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Equality of access to pastoral care for non-religious prisoners

Equality of access to pastoral care for non-religious prisoners
Equality of access to pastoral care for non-religious prisoners
This thesis presents the outcomes of my doctoral research into non-religious prisoners’ access to pastoral care. The findings are based on an extensive literature review, analysis of antidiscrimination law, and the evidence given by over 20 participants. Using bereavement support and the experience of grief without God as a test case, it finds that people with non-religious beliefs, who make up almost a third of the prison population, are treated less favourably than religious prisoners and are particularly disadvantaged by universal prison policy, specifically the multi-faith chaplaincy intended to serve prisoners of all faiths and none. The incarceration experience complicates the grief process at every stage, but little support is available, and the primary source of pastoral care is the chaplaincy. My research indicates that many non-faith offenders feel uncomfortable engaging with religious services and so do not receive the help that they need. A lack of secular alternatives means that these inmates may experience poorer outcomes. Informed by a close reading of the sections on direct discrimination, indirect discrimination and the public sector equality duty in the Equality Act 2010, this thesis suggests that Her Majesty’s Prison and Probation Service may be operating unlawfully, and proposes reforms to reduce inequalities.
University of Southampton
Hunt, Katie Barbara May
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Hunt, Katie Barbara May
2fa1dc88-f772-4db0-b8c6-f79287dbd61f
Biggs, Hazel
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Hunt, Katie Barbara May (2019) Equality of access to pastoral care for non-religious prisoners. University of Southampton, Doctoral Thesis, 229pp.

Record type: Thesis (Doctoral)

Abstract

This thesis presents the outcomes of my doctoral research into non-religious prisoners’ access to pastoral care. The findings are based on an extensive literature review, analysis of antidiscrimination law, and the evidence given by over 20 participants. Using bereavement support and the experience of grief without God as a test case, it finds that people with non-religious beliefs, who make up almost a third of the prison population, are treated less favourably than religious prisoners and are particularly disadvantaged by universal prison policy, specifically the multi-faith chaplaincy intended to serve prisoners of all faiths and none. The incarceration experience complicates the grief process at every stage, but little support is available, and the primary source of pastoral care is the chaplaincy. My research indicates that many non-faith offenders feel uncomfortable engaging with religious services and so do not receive the help that they need. A lack of secular alternatives means that these inmates may experience poorer outcomes. Informed by a close reading of the sections on direct discrimination, indirect discrimination and the public sector equality duty in the Equality Act 2010, this thesis suggests that Her Majesty’s Prison and Probation Service may be operating unlawfully, and proposes reforms to reduce inequalities.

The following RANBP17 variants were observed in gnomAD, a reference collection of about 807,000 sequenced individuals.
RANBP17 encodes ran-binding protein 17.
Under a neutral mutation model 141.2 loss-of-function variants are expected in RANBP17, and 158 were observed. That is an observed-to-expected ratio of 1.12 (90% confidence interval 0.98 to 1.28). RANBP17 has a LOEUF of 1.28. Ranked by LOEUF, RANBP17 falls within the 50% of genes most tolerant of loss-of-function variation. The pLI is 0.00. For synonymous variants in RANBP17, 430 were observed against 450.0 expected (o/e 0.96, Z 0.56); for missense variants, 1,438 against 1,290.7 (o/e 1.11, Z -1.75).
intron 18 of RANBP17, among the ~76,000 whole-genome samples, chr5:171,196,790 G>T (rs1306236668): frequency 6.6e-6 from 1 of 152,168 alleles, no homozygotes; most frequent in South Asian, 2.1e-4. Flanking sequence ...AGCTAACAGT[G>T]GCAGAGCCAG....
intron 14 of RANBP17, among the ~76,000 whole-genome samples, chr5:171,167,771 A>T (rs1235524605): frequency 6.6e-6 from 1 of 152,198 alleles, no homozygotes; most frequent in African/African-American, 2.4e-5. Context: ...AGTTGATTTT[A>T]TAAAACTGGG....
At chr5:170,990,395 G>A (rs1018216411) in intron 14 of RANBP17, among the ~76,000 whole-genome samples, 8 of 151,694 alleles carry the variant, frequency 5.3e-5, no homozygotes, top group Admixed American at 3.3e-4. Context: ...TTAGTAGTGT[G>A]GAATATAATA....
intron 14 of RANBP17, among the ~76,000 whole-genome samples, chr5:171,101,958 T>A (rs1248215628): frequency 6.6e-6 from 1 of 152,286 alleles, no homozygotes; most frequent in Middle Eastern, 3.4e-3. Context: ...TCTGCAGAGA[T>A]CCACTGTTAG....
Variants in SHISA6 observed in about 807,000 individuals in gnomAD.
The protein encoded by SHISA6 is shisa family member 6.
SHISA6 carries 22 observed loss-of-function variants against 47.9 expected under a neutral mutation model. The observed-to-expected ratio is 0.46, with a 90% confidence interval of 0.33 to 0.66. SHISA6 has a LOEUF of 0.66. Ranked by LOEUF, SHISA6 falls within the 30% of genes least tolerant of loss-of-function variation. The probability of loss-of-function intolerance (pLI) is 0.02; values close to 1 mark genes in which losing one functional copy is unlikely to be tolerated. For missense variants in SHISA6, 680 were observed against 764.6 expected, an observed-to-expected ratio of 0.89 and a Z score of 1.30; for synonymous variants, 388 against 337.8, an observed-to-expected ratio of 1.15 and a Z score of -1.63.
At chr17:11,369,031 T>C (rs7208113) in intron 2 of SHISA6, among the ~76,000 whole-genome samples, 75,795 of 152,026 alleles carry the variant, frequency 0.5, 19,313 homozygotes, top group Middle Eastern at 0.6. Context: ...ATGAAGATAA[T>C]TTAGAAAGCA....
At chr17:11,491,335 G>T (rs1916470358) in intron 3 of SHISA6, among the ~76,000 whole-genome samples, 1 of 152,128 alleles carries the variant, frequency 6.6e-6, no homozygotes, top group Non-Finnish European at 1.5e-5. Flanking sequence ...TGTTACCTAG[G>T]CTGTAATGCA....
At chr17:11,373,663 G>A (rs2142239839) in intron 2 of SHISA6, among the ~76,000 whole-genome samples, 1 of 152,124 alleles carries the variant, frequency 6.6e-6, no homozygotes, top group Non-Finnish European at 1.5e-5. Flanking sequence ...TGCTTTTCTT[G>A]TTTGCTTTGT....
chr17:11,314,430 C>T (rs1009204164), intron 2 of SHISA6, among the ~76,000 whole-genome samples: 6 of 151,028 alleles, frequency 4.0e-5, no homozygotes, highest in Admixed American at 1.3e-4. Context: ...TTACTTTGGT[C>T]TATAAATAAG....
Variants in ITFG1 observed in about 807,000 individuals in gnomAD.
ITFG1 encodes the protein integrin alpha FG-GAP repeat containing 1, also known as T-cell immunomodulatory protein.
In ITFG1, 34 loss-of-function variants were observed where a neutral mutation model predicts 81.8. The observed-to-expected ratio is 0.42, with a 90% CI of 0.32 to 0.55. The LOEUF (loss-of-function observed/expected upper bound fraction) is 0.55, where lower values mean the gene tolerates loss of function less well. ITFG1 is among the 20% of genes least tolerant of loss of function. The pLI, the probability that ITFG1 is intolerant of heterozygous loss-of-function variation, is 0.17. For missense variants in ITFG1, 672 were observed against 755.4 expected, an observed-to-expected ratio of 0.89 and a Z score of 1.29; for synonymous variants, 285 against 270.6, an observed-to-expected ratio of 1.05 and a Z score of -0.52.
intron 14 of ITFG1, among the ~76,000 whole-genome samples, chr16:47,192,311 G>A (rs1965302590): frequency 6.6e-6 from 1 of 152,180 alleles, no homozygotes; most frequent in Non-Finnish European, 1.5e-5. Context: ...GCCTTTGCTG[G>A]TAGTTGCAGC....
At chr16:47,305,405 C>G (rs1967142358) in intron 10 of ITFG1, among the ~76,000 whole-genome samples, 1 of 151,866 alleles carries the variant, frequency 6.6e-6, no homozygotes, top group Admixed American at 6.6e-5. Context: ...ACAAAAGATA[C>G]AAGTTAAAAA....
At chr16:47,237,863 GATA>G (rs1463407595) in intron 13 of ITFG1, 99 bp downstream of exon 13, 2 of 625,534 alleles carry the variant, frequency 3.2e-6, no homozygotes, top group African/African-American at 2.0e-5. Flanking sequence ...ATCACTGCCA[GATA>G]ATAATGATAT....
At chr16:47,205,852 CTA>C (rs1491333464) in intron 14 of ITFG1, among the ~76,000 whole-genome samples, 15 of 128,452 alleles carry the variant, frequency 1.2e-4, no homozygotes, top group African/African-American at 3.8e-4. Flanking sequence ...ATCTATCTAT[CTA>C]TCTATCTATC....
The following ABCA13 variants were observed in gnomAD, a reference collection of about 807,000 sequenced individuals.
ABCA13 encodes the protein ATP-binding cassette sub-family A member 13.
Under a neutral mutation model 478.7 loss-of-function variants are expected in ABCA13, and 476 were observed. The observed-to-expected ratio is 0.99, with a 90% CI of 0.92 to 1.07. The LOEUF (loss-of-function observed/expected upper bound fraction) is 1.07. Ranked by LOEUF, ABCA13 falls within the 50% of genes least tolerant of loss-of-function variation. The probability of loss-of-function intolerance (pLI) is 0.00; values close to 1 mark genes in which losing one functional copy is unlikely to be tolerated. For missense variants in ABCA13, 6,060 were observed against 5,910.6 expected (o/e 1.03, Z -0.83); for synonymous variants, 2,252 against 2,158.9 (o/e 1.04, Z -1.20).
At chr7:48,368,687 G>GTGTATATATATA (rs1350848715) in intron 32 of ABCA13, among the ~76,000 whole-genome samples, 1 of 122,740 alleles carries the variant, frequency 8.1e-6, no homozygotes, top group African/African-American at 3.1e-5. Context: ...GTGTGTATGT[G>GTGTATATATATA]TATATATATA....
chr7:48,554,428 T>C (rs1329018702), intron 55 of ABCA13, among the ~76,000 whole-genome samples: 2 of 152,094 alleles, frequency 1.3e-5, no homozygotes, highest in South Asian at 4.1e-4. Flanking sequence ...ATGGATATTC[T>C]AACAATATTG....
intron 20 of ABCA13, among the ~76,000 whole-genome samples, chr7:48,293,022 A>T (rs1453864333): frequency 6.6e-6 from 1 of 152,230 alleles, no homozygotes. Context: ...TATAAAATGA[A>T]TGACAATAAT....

Text
Equality of Access to Pastoral Care for Non-Religious Prisoners - Version of Record
Restricted to Repository staff only until 28 February 2023.
Available under License University of Southampton Thesis Licence.

More information

Published date: October 2019

Identifiers

Local EPrints ID: 438640
URI: http://eprints.soton.ac.uk/id/eprint/438640
PURE UUID: ec91348e-2849-4a03-8e14-9af7e320bbcc
ORCID for Katie Barbara May Hunt: ORCID iD orcid.org/0000-0002-7352-0838
ORCID for Hazel Biggs: ORCID iD orcid.org/0000-0002-4434-6543

Catalogue record

Date deposited: 19 Mar 2020 17:36
Last modified: 20 Mar 2020 01:37

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Contributors

Author: Katie Barbara May Hunt ORCID iD
Thesis advisor: Hazel Biggs ORCID iD

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